We found that a longer AL was associated with POAG, but also that a shorter ACD was also associated with POAG. This is an interesting observation, and we believe this could be due to ACD being shallower in older persons because of increased lens thickness27-30 and increased prevalence of POAG with age.31-33 Several theories have been put forward to explain a link between myopia and POAG. Myopia has been found to influence IOP, with myopia associated with a higher IOP than emmetropia and hyperopia.13 The optic nerve head in myopic eyes may be more susceptible than nonmyopic eyes to glaucomatous damage from elevated or normal IOP.8,34,35 Shearing forces exerted by scleral tension across the lamina cribrosa may be crucial to the mechanism of glaucomatous damage.36 Investigators37 have calculated that myopic eyes have higher scleral tension across the lamina than eyes with a shorter AL, even when IOP is the same. This difference becomes even more marked in eyes with thinner sclera. Similar connective tissue changes may also occur in glaucoma and myopia.38 Our finding that AL was significantly associated with POAG largely explains the association between myopia and POAG and may support a theory involving connective tissue changes being associated with longer axial dimensions as a potential mechanism for POAG.
The strengths of our study include that this was a population-based study with a high participation rate (78.7%) and with diagnosis of glaucoma based on optic nerve changes and perimetric findings according to International Society for Geographical and Epidemiological Ophthalmology criteria, unlike the Beaver Dam Eye Study16 in which IOP was used to define glaucoma. The standardized assessment of refraction, IOP measurement, and glaucoma definitions strengthen the validity of any conclusions. Our population-based design also minimizes selection bias, unlike some previous clinic-based studies2,4,7 in which the fact that more myopic patients would attend a clinic would increase the likelihood of detecting POAG. Furthermore, previous studies4,13,14,16-18 have not examined the influence of CCT. Recent studies have shown the correlation of CCT with optic disc measurements,39,40 and thinner CCT has been identified as a risk factor for the development of POAG in eyes with ocular hypertension.3,41 In our study, CCT was not associated with POAG.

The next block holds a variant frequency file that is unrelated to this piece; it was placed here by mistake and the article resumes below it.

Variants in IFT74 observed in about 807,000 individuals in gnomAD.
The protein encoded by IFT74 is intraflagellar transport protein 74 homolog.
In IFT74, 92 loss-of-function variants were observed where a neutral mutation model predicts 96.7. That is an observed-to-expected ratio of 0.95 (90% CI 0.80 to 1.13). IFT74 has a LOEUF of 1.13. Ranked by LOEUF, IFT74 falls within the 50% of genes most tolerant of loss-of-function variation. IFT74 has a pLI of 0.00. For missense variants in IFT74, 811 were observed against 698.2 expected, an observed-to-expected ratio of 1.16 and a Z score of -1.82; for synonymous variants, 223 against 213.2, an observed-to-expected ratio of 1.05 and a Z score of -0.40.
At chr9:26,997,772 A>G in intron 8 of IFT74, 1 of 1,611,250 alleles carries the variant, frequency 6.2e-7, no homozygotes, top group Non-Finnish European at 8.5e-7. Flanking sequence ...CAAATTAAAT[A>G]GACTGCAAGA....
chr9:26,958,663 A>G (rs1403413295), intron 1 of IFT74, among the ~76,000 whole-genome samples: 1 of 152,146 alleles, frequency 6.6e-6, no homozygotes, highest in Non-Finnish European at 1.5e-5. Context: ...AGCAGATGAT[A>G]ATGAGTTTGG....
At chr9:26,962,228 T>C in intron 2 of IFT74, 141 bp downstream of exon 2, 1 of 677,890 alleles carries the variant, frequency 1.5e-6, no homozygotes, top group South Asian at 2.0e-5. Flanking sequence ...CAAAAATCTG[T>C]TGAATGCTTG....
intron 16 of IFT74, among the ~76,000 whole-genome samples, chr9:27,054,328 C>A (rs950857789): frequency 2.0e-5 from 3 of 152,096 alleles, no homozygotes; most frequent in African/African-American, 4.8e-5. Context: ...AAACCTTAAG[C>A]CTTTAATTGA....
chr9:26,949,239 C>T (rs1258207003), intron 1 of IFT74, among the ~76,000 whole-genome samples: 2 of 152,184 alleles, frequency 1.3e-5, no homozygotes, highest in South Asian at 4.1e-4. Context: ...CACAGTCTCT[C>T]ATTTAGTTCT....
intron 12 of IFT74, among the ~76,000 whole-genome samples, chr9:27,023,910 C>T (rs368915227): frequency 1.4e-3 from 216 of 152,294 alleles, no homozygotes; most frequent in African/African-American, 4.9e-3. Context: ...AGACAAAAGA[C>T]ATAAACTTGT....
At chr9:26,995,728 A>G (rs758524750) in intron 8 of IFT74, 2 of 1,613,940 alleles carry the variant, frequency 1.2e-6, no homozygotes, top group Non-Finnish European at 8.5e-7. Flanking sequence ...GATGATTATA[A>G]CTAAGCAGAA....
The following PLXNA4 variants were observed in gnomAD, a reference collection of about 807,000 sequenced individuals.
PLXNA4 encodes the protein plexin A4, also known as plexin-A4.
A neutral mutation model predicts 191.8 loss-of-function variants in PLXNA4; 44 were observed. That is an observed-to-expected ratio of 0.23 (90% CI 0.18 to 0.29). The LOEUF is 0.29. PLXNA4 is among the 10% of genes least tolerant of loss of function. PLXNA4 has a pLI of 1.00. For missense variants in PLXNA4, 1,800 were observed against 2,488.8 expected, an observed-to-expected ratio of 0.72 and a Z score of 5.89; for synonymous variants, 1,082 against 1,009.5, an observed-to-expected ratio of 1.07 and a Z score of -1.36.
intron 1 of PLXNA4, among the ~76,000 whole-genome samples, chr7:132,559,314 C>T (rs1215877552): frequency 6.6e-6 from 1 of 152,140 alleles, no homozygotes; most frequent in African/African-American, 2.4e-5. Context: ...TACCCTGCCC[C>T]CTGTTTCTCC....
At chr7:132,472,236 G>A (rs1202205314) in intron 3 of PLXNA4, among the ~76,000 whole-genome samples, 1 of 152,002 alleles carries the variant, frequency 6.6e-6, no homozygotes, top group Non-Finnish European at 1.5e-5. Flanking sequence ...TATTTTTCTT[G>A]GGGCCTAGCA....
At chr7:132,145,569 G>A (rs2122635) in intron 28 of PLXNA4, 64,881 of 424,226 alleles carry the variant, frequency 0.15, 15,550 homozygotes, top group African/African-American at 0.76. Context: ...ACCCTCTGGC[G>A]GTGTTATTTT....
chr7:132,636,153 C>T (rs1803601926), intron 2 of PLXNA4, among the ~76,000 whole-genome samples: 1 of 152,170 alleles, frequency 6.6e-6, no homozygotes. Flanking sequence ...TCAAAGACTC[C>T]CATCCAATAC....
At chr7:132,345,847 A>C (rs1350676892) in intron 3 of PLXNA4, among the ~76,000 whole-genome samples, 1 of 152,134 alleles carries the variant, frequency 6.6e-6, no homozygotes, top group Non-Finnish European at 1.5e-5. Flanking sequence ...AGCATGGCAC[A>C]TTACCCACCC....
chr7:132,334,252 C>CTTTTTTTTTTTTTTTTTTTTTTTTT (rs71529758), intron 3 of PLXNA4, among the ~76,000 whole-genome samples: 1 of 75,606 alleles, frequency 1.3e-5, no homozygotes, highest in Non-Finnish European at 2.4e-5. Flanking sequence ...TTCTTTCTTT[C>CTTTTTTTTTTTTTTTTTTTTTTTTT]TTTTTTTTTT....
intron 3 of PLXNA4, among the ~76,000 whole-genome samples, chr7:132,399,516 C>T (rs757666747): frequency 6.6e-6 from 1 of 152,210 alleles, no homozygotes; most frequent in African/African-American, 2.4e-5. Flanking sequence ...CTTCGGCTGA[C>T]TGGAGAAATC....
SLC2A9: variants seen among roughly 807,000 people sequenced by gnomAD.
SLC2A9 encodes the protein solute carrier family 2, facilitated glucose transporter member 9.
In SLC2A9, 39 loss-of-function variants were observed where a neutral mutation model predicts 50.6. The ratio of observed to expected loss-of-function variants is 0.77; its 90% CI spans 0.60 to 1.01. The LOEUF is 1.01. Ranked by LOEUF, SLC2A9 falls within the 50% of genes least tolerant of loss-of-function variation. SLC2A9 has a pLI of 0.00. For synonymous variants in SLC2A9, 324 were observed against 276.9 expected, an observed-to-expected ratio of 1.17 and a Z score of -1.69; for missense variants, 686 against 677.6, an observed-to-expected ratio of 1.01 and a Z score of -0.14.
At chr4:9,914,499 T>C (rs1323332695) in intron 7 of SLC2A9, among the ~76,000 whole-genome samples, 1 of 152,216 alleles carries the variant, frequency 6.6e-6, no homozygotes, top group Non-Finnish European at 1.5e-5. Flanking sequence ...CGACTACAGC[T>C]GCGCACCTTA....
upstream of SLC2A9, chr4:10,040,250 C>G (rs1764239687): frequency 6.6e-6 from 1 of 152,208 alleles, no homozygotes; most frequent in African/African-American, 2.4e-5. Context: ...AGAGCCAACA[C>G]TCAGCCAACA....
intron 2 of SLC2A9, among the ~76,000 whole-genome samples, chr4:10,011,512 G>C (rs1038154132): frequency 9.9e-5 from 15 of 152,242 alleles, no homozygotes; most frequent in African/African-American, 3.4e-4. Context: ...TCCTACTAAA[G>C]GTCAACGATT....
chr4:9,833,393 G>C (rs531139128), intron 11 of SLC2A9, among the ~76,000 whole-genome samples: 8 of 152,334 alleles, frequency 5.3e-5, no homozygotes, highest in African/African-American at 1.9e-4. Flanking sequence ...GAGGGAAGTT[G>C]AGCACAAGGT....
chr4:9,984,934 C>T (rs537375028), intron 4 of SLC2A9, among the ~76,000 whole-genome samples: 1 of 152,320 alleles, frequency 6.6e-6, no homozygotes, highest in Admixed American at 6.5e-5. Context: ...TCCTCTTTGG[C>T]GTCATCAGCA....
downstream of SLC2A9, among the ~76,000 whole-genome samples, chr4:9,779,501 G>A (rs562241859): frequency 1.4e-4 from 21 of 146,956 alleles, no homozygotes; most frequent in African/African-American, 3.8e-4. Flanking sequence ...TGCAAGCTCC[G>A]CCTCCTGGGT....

Longer AL however, does not correlate with CCT in myopic patients,42 in healthy populations, or in patients with glaucoma.43 We found similarly that AL was not associated with CCT (Pearson correlation coefficient, 0.081). Furthermore, we did not find that controlling for CCT influenced our results. The measurement of AL by noncontact partial coherence laser interferometry instead of ultrasonographic methods and the use of subjective refractions by trained optometrists instead of autorefraction further increase the robustness of our study.